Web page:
Cambo Estate in the north of Fife has a national collection of Snowdrops, with over 200 named varieties growing in the woodland area of the estate. Lady Catherine Erskine there has been a major supporter of the "Snowdrop Festival" in which many major gardens put on a special show of these heralds of spring. The particular variety shown here is known as "Jacquenetta".
Looking a bit like large Snowdrops on long stems, these Snowflakes (Leucojum) produce these bell-like flowers with green markings. Other variants of this bulb produce flower spikes up to three feet high while others bloom in the autumn.
With those markings on the petals, it is perhaps not surprising that this Snowdrop should be named "Grumpy"!
The gardens at Cambo have a wide range of Helleborus plants, with their cup-shaped flowers borne on upright stems. From a photographer's point of view they can be a nightmare as the flowers often point downwards, making it difficult to photograph the detail of the blooms.
Cambo Estate is near the coast, so after a pleasant walk through woodlands (with drifts of Snowdrops along the way), you reach the beach and rocks. That was where I spotted this Rock Pipit - though its markings allowed it to merge in with the rocks when it was foraging for food.
Towards the end of a sunny afternoon at Cambo Estate on Tuesday of this week, I took this photo of the stream and the woods, with the setting sun streaming between the branches. A fitting finish to an excellent visit!
When I was about to take this picture of the waterbirds at Kilmardinny Loch in East Dunbartonshire. I hadn't noticed that an out of control dog was heading towards the birds. So when I pressed the shutter, the birds were flying in a panic in all directions - though mainly away from the dog. As a notice in a public park said "Your dog doesn't know any better - please show that you do!"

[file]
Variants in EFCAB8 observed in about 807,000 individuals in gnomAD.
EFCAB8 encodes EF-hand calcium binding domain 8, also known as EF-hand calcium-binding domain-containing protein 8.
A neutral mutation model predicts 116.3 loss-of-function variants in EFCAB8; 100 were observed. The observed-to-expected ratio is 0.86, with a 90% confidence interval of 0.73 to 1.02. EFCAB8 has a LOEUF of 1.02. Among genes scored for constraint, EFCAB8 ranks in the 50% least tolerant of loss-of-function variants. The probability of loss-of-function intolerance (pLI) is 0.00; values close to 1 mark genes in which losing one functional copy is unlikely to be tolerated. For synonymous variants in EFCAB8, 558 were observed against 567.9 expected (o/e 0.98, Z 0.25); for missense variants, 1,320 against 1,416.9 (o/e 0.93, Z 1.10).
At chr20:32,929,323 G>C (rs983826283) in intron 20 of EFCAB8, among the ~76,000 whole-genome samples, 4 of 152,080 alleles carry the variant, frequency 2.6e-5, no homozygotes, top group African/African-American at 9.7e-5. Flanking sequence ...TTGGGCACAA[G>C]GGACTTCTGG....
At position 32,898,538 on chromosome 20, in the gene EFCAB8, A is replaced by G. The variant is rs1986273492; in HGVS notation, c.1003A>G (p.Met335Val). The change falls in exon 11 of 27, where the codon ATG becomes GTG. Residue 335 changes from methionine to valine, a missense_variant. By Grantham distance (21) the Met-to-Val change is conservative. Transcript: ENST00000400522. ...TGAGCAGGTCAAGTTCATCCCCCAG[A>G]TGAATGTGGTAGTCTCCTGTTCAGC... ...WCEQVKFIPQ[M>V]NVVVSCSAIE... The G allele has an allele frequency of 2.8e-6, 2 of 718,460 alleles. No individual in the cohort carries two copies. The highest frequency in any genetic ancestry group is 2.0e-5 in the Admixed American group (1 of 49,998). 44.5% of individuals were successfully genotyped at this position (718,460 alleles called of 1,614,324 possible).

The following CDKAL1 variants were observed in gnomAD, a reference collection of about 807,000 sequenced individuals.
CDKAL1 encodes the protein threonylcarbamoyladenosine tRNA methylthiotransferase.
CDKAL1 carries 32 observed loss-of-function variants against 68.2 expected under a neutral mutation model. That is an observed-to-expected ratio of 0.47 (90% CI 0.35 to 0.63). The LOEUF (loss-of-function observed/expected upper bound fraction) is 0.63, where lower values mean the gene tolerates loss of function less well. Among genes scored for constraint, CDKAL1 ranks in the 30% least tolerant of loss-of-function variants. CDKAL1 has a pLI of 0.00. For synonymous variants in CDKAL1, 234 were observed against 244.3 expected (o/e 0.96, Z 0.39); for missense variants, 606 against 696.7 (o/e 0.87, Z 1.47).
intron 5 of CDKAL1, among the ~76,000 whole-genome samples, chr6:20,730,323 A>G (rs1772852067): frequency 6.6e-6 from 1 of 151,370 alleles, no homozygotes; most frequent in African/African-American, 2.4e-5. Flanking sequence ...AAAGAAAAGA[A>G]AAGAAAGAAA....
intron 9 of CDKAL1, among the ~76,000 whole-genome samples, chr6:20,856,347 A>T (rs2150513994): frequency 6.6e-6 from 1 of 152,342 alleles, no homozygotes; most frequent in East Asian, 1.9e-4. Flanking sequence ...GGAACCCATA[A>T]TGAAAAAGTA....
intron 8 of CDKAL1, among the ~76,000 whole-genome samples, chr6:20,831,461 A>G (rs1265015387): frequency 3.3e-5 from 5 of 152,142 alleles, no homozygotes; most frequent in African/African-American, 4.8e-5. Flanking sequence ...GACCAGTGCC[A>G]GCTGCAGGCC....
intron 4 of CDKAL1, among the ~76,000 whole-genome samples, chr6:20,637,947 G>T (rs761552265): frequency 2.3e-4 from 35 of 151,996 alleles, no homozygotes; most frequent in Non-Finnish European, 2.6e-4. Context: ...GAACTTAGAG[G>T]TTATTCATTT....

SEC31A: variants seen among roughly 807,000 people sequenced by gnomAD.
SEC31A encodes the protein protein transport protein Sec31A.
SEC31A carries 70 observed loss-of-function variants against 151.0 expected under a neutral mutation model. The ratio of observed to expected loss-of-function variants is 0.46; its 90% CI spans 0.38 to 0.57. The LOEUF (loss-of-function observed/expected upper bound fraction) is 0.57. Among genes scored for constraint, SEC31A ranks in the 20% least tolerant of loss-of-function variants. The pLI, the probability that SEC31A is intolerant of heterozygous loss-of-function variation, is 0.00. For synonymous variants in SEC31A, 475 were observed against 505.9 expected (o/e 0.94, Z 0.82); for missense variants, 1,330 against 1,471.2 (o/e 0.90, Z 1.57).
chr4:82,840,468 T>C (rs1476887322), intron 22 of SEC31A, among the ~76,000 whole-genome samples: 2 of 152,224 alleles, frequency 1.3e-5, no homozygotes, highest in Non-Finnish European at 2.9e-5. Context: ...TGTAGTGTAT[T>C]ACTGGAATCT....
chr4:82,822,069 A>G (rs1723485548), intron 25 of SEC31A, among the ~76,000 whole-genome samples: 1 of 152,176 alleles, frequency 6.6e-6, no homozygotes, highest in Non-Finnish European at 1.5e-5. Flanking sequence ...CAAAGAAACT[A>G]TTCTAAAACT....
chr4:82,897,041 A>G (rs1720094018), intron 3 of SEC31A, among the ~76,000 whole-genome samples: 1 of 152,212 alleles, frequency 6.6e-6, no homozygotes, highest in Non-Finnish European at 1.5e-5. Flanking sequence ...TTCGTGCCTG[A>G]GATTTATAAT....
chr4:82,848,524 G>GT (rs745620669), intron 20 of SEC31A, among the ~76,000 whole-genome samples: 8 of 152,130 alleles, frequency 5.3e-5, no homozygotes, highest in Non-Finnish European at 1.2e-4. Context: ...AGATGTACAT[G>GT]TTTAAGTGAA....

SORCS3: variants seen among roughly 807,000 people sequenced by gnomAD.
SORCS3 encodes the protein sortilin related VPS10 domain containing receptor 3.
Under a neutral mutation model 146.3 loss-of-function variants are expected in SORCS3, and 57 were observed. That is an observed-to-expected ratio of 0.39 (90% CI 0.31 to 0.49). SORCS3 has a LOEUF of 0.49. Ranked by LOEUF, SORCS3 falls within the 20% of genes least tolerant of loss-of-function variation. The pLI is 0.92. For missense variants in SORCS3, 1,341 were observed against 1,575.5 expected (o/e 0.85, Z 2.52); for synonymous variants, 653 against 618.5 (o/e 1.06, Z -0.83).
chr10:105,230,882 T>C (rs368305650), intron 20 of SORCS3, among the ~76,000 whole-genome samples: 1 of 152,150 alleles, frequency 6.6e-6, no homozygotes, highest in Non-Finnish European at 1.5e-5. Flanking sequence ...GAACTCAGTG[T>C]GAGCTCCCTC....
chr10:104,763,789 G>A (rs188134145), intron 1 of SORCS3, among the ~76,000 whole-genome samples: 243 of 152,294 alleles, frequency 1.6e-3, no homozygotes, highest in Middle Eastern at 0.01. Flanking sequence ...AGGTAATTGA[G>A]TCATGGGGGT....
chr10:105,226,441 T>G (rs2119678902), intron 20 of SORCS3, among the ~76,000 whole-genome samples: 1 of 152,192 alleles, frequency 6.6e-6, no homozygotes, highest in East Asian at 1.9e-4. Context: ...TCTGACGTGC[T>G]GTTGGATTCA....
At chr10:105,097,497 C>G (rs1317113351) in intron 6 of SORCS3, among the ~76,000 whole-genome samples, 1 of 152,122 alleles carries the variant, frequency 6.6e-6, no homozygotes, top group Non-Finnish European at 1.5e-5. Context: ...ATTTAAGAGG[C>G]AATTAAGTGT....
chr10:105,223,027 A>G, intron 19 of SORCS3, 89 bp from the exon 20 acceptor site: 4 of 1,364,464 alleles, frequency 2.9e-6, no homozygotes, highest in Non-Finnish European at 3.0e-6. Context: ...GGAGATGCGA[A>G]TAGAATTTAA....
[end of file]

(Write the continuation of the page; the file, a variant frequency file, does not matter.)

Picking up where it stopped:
Polyanthus, part of the primula family, come in a huge variety of vibrant colours these days. They have the attractive feature of flowering not only in the spring but again in the autumn.
James Clerk Maxwell was born in Edinburgh in 1831. He established the laws of electrodynamics, propounding the his equations which established that electricity and magnetism are aspects of the same entity - He predicted the existence of radio waves in 1865, paving the way for radio, TV and electronics and so can be considered to be the father of electronics. His "Treatise on Electricity and Magnetism" containing the famous Maxwell equations was published in 1873. But it was only in 1887 when Heinrich Hertz discovered the existence of radio waves that his calculations became accepted. Nowadays, the Encyclopaedia Britannica describes his Treatise as "one of the most splendid monuments ever raised by the genius of one man."He proposed many other theories that weren't proved until long after his death. For instance he suggested that when a charged particle was accelerated, the radiation produced has the same velocity as that of light. Albert Einstein put on record (on the centenary of Maxwell's birth) that Maxwell's work had resulted in the most profound change in the conception of reality in physics, since the time of Isaac Newton. And Richard Feynman said that "there can be little doubt that the most significant event of the 19th century was the discovery of the laws of electrodynamics." Despite such praise from others in the field, he has been largely ignored in the city of his birth - until now - when a fine statue of Maxwell has been erected at the junction of St Andrew Square and George Street in the heart of Edinburgh's New Town.